The Contax S2

Information about the S2 may seem out of place on a site about the 139 but, in fact, there are a number of similarities between the 139 and the S2, not least of which is that the S2 is built on a modified 139 chassis and shares some parts with the 139.

The S2 was introduced in 1992 and was marketed as a “new classic camera” with the benefits of “sturdiness” and “manual reliability” delivering “reliable, high precision performance even in the field under adverse conditions and heavy duty use” *.

The S2 uses a mechanical shutter that requires no batteries though the metering system does. The meter measures only from the area of the focussing screen split image and surrounding microprism ring so is essentially a ‘spot’ meter. Later, the S2B was introduced with a more usual centre weighted average metering pattern.

The body uses titanium top, bottom and front plates and is claimed to have improved sealing against moisture and dust.

The S2 is a basic, no frills, camera that was clearly aimed at the more advanced photographer who has no need of automation and would appreciate the superior quality and reliability. It was originally sold in the UK for around £1000 complete with a standard lens. In comparison, the Nikon FM-2, which has an almost identical specification, could be bought, with lens, for £500.

Links to the S2 brochure, repair manual and a S2 test report can be found on my documents page.

But what’s the S2 really like and was it worth the money?

There’s no doubt the camera gives the user the feeling of a quality product. The metal top and bottom plates feel superior to the plastic or polycarbonate equivalents of other cameras. They also give the camera more weight which adds to that feeling. But is there anything inside to justify the claims made? As I said, some of the parts are from the 139, there’s also some from the 159 and some from the Yashica FX‑3. All of which came out before the S2 and none of which were claimed to have the same benefits as the S2. The S2 shutter, made by Copal, was originally developed for the Nikon FM2n (Nikon originally used a titanium bladed version in the FM2 but then switched to aluminium alloy blades which are also used in the S2) and while it has proven to be reliable and able to withstand heavy use, it’s no better than the shutter in the FM2n which could be bought for about half the price. The chassis of the S2 appears to be constructed the same as the 139 with minor modifications but appears to be no stronger or better than the 139 chassis. The S2 does have a some extra dust seals and the main seals in the rear of the camera are a rubber material that, I assume, would be more resistant to moisture but it’s not a camera I would be happy to use in exessively wet or dusty conditions. The S2 has a top shutter speed of 1/4000th (same as the FM2n) but it's only one stop better than the last version of the Yashica FX-3 which was sold for a fraction of the price. I’m not sure the camera has any justification for the high price it was sold for or the relatively high price it still sells for in the used market.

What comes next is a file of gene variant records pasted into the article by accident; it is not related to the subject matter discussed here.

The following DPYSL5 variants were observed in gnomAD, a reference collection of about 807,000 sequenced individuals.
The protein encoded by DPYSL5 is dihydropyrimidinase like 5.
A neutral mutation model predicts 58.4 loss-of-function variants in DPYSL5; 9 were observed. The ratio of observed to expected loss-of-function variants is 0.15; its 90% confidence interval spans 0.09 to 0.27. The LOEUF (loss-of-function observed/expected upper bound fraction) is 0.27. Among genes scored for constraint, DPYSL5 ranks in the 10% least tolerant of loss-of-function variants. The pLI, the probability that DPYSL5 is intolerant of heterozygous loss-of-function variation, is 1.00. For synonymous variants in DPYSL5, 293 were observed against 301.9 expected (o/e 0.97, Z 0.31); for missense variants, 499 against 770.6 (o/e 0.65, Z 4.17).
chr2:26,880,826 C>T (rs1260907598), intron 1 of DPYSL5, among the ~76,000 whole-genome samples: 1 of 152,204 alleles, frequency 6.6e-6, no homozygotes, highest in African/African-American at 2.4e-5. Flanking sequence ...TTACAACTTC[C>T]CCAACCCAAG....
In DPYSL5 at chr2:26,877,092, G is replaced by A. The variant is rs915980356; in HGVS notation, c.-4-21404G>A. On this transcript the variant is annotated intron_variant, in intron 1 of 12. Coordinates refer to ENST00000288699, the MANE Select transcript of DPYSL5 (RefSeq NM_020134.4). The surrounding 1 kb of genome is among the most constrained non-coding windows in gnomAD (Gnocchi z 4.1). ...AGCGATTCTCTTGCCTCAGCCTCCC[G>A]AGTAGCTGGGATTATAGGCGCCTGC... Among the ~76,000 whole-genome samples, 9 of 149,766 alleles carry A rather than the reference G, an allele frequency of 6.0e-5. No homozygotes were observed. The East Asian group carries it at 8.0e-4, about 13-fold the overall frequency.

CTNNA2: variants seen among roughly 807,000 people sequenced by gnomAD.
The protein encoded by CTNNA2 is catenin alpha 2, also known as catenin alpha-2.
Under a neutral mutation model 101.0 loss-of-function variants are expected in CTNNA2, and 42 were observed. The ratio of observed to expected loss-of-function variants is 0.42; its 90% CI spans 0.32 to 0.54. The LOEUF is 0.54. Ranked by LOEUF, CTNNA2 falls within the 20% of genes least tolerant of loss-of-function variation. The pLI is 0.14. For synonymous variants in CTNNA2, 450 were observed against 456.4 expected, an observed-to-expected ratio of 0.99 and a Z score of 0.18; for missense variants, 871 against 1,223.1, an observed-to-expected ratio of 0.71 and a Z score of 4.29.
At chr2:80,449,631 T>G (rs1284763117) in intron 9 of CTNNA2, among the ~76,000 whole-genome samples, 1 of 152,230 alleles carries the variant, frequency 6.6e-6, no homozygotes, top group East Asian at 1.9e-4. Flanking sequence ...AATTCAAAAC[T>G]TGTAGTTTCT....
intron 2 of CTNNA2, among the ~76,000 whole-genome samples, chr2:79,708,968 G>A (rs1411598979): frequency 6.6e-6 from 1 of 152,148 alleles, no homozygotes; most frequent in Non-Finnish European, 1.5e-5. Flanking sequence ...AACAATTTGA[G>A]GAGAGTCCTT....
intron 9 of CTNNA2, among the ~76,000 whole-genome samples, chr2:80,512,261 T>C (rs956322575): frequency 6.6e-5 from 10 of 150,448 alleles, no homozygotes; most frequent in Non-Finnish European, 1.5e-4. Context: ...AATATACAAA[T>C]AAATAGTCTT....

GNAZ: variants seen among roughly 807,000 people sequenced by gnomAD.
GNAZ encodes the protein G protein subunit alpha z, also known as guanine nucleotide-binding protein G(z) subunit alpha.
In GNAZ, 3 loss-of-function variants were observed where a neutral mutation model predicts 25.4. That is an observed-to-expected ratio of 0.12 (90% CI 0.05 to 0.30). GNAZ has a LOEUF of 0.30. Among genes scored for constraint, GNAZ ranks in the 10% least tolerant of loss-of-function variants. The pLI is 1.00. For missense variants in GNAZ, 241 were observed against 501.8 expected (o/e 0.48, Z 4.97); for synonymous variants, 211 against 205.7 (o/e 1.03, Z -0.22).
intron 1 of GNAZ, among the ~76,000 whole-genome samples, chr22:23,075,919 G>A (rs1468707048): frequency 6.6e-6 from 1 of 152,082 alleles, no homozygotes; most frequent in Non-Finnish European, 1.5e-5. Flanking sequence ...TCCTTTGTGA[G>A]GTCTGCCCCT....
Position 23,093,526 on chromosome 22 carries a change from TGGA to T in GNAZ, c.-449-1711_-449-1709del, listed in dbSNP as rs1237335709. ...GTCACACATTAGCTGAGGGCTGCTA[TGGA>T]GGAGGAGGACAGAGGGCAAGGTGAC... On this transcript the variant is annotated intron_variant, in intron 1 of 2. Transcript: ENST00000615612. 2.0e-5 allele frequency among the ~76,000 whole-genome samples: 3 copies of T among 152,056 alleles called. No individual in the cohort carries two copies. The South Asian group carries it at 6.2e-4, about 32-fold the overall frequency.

The S2 still has a strong following. I know of people who have several of them. It gives confidence of getting the job done, reliably and without fuss. It feels good and looks good. I like the camera and understand why others do too. But I think a lot of the claims made of the camera are just marketing hype.


In spite of my reservations, the S2 appears to have very few weaknesses. It’s uncomplicated design helps. It’s fairly easy to work on and the shared parts with other cameras actually helps if spare parts are required. But parts unique to the camera are generally not available.

My one dislike of the camera is something that is relatively easy to fix. It’s not a repair as such, more a modification. What I don’t like is the sound. The S2s that I’ve handled have all had (what I call) the Contax/Yashica ‘ring’. It’s a ringing sound that continues after the shutter has been released. It’s actually caused by some springs in the mirror mechanism that continue to vibrate after the mirror has returned. The mechanism is common to the 139 and the FX-3 and the FX-3, especially, suffers from the same problem though the 139 tends not to due to the mirror damper which slows down the mirror return. It’s a fairly simple thing to improve by damping the springs. Some thick grease on the springs tends to work. Here's a before and after recording.

I’m able to carry out repairs and servicing of the S2 so don’t hesitate to contact me if I can help.

* Quotes from Contax S2 brochure.